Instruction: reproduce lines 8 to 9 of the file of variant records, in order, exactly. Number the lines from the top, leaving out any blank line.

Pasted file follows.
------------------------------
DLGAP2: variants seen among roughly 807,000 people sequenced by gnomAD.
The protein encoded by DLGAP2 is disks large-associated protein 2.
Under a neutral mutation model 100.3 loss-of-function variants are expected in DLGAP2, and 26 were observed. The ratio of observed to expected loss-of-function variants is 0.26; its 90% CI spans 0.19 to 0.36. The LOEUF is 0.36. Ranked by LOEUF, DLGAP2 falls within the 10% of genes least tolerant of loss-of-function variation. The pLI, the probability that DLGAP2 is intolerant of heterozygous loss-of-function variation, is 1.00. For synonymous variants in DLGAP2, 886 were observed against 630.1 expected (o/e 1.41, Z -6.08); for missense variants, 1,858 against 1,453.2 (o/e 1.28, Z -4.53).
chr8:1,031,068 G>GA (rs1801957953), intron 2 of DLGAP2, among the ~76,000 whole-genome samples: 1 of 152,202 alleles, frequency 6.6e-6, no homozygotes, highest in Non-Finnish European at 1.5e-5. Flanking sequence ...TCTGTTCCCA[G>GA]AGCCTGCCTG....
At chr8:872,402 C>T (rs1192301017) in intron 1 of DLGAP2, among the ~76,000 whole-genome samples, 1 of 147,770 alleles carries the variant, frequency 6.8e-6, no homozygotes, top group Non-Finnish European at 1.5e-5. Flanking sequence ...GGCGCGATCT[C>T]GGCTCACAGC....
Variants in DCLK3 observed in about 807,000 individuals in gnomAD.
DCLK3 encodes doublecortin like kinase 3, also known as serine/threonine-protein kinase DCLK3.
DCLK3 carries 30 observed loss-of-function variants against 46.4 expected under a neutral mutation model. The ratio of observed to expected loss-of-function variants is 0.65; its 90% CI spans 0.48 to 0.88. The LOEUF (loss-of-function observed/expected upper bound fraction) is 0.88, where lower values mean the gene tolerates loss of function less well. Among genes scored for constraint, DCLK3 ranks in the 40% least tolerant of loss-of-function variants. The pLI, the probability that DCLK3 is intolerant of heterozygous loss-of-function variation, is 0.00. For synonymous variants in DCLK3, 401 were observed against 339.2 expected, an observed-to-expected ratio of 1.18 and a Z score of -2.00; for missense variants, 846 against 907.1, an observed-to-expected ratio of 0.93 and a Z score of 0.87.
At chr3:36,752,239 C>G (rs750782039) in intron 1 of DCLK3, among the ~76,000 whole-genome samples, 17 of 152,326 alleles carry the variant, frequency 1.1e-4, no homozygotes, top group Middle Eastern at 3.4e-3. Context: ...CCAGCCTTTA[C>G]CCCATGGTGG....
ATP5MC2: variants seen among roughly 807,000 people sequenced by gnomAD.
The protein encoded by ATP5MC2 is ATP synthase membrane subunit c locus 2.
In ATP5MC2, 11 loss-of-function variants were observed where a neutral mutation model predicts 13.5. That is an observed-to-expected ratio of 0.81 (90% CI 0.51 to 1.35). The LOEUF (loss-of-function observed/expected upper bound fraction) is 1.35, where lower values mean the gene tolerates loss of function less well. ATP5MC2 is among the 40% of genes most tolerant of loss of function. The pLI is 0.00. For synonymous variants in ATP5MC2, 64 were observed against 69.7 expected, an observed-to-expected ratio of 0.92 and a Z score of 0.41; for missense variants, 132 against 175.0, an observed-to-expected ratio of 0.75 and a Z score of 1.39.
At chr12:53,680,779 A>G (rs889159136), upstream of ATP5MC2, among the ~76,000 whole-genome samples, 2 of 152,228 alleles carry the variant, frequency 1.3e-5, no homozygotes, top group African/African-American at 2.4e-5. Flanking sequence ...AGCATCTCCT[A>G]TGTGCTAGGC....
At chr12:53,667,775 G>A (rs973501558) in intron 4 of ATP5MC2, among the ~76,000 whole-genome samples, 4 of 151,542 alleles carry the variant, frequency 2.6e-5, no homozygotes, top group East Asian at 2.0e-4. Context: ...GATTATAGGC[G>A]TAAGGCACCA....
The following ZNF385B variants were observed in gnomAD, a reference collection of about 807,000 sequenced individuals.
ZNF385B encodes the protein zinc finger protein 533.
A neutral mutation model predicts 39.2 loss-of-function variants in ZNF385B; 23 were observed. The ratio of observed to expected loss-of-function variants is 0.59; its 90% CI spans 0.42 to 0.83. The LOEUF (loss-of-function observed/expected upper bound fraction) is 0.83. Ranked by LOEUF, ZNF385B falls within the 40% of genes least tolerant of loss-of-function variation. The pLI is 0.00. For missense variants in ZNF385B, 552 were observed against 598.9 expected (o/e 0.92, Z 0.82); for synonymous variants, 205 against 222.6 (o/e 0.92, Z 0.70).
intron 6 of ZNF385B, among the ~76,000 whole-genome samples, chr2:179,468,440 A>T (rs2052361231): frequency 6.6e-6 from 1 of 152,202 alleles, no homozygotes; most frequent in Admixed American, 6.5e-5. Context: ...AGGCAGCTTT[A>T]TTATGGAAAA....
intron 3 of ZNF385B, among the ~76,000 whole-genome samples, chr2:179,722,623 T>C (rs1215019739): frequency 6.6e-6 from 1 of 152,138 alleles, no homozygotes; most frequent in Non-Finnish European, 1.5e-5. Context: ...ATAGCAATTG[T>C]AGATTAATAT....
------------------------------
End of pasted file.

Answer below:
DCLK3 carries 30 observed loss-of-function variants against 46.4 expected under a neutral mutation model. The ratio of observed to expected loss-of-function variants is 0.65; its 90% CI spans 0.48 to 0.88. The LOEUF (loss-of-function observed/expected upper bound fraction) is 0.88, where lower values mean the gene tolerates loss of function less well. Among genes scored for constraint, DCLK3 ranks in the 40% least tolerant of loss-of-function variants. The pLI, the probability that DCLK3 is intolerant of heterozygous loss-of-function variation, is 0.00. For synonymous variants in DCLK3, 401 were observed against 339.2 expected, an observed-to-expected ratio of 1.18 and a Z score of -2.00; for missense variants, 846 against 907.1, an observed-to-expected ratio of 0.93 and a Z score of 0.87.
At chr3:36,752,239 C>G (rs750782039) in intron 1 of DCLK3, among the ~76,000 whole-genome samples, 17 of 152,326 alleles carry the variant, frequency 1.1e-4, no homozygotes, top group Middle Eastern at 3.4e-3. Context: ...CCAGCCTTTA[C>G]CCCATGGTGG....